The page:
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J Pediatr. 2019 Apr 6. pii: S0022-3476(19)30270-7. doi: 10.1016/j.jpeds.2019.02.038. [Epub ahead of print]

Reliability and Validity of the Newton Screen for Alcohol and Cannabis Misuse in a Pediatric Emergency Department Sample.

Author information

1
The Warren Alpert Medical School of Brown University, Emergency Medicine, Providence, RI; The Warren Alpert Medical School of Brown University, Pediatrics, Providence, RI; Rhode Island Hospital, Emergency Medicine, Providence, RI.
2
The Warren Alpert Medical School of Brown University, Emergency Medicine, Providence, RI; Rhode Island Hospital, Emergency Medicine, Providence, RI.
3
University of Utah, Pediatrics, Salt Lake City, UT.
4
The Warren Alpert Medical School of Brown University, Psychiatry and Human Behavior, Providence, RI.

Abstract

OBJECTIVES:

To determine the test-retest reliability, concurrent, convergent, and discriminant validity of a recently devised screen (the Newton screen) for alcohol and cannabis use/misuse, and its predictive validity at follow-up.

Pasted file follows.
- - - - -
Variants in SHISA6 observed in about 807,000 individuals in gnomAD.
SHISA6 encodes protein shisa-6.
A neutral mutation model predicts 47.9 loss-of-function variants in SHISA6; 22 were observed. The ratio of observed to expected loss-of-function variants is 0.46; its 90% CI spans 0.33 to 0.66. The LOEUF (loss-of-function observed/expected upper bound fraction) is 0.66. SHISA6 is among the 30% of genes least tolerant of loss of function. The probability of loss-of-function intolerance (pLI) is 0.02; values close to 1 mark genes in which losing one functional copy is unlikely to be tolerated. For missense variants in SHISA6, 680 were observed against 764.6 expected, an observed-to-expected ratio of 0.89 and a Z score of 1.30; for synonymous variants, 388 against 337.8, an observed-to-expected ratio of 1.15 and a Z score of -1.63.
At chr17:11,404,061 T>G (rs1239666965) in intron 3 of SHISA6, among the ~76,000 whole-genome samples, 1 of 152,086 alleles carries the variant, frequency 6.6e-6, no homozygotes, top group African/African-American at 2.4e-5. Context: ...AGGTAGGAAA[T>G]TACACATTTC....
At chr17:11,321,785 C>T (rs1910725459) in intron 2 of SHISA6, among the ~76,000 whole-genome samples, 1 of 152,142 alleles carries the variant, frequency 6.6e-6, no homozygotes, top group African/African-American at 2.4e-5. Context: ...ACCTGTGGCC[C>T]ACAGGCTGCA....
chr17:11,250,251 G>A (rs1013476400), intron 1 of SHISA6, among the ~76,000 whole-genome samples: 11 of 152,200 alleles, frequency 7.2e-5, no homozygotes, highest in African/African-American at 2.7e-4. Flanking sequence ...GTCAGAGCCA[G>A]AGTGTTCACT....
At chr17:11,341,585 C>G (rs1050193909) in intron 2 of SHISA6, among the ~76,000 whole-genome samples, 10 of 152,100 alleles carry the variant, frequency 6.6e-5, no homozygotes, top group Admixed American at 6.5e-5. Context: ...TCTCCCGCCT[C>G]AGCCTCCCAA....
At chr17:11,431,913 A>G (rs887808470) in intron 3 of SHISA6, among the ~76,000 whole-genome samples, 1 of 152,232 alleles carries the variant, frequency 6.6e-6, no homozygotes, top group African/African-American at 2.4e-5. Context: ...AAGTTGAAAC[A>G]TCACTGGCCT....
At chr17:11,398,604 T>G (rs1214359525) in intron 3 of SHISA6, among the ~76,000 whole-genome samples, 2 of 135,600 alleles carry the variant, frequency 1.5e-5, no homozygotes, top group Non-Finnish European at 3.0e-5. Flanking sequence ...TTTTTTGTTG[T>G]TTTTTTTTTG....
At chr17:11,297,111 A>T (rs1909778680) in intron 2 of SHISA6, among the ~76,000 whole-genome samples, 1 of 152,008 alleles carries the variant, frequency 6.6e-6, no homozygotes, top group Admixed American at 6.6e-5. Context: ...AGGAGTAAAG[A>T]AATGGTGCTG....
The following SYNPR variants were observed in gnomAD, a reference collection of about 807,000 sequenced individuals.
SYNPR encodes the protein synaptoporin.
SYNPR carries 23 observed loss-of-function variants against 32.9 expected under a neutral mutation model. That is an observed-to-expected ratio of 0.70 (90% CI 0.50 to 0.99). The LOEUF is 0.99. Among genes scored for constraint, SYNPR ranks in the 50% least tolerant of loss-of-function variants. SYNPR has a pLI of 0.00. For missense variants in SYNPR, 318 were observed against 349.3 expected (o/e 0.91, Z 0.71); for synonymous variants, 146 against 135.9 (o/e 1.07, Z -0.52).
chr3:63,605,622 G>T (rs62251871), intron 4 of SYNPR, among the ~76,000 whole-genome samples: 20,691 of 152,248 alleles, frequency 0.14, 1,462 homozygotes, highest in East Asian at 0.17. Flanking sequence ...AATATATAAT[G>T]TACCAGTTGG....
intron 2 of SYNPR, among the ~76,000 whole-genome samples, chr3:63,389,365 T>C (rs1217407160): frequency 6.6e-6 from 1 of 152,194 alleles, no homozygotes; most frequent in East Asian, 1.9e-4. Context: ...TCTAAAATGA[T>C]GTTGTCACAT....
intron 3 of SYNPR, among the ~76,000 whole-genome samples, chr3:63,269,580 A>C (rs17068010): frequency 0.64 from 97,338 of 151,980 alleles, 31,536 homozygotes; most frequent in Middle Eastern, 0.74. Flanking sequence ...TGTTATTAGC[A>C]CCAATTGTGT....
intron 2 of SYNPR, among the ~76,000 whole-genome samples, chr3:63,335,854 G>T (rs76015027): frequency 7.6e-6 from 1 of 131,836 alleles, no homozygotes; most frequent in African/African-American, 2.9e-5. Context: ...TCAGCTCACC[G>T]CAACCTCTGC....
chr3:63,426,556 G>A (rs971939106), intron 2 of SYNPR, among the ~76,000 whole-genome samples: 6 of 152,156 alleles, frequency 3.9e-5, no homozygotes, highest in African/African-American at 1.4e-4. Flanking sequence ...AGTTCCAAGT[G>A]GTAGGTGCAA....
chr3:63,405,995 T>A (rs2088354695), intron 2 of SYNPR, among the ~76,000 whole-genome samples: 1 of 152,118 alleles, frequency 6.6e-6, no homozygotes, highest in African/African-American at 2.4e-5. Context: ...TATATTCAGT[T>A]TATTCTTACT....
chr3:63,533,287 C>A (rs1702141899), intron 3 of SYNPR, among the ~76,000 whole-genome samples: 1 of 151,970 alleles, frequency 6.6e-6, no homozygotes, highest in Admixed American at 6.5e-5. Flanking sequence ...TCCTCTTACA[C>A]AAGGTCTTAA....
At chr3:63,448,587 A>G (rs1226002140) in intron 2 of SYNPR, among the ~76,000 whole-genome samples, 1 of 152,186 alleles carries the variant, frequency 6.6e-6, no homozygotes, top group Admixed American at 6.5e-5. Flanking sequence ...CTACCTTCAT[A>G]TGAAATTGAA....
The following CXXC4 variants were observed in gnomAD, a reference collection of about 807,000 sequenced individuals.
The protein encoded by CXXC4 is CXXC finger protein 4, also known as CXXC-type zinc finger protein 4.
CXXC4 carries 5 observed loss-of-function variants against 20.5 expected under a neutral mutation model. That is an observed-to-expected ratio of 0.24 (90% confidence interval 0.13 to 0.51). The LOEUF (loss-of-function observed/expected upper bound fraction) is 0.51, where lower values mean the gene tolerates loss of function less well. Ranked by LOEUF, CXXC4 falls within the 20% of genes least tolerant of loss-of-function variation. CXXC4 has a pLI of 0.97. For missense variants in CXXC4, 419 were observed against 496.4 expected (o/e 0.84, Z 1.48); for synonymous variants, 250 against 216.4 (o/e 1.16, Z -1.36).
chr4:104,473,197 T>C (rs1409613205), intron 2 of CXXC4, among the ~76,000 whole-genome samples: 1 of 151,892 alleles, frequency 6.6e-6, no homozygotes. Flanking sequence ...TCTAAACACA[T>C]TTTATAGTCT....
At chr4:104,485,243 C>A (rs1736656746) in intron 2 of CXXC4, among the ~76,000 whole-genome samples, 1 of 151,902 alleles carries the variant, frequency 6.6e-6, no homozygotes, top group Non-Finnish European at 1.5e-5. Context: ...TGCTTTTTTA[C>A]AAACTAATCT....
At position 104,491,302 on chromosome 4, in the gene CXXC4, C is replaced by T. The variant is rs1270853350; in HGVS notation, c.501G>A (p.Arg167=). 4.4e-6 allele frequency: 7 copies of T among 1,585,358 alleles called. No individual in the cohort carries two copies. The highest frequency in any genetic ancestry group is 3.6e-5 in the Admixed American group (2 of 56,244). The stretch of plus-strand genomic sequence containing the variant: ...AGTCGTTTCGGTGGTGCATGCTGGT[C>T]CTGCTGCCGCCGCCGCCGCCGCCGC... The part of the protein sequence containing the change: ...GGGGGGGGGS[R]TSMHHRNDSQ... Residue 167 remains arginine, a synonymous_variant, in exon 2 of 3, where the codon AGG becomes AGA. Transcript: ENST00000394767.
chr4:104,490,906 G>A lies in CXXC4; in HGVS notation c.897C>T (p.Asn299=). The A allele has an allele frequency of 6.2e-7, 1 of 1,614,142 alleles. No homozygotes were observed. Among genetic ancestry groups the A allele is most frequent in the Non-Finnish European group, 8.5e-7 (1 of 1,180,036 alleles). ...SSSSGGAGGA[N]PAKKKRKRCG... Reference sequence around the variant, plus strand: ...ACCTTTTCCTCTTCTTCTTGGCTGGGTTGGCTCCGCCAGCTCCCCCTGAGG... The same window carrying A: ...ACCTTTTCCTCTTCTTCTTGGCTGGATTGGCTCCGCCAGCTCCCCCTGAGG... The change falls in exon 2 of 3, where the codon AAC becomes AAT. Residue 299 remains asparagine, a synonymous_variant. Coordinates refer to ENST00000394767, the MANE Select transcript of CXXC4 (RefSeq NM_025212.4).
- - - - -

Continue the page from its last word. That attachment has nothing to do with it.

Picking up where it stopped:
STUDY DESIGN:

Adolescents, 12-17 years old (n = 4898), treated in 1 of 16 participating pediatric emergency departments across the US were enrolled in a study as part of a larger study within the Pediatric Emergency Care Applied Research Network. Concurrent and predictive validity (at 1, 2, and 3 years of follow-up) were assessed in a random subsample with a structured Diagnostic and Statistical Manual of Mental Disorders-based interview. Convergent validity was assessed with the Alcohol Use Disorders Identification, a widely used alcohol screening measure.

RESULTS:

The sensitivity of the Newton screen for alcohol use disorder at baseline was 78.3% with a specificity of 93.0%. The cannabis use question had a baseline sensitivity of 93.1% and specificity of 93.5% for cannabis use disorder. Predictive validity analyses at 1, 2, and 3 years revealed high specificity but low sensitivity for alcohol and high specificity and moderate sensitivity for cannabis.

CONCLUSIONS:

The Newton screening instrument may be an appropriate brief screening tool for use in the busy clinical environment. Specificity was high for both alcohol and cannabis, but sensitivity was higher for cannabis than alcohol. Like other brief screens, more detailed follow-up questions may be necessary to definitively assess substance misuse risk and the need for referral to treatment.

KEYWORDS:

SBIRT; alcohol screening; pediatric emergency department

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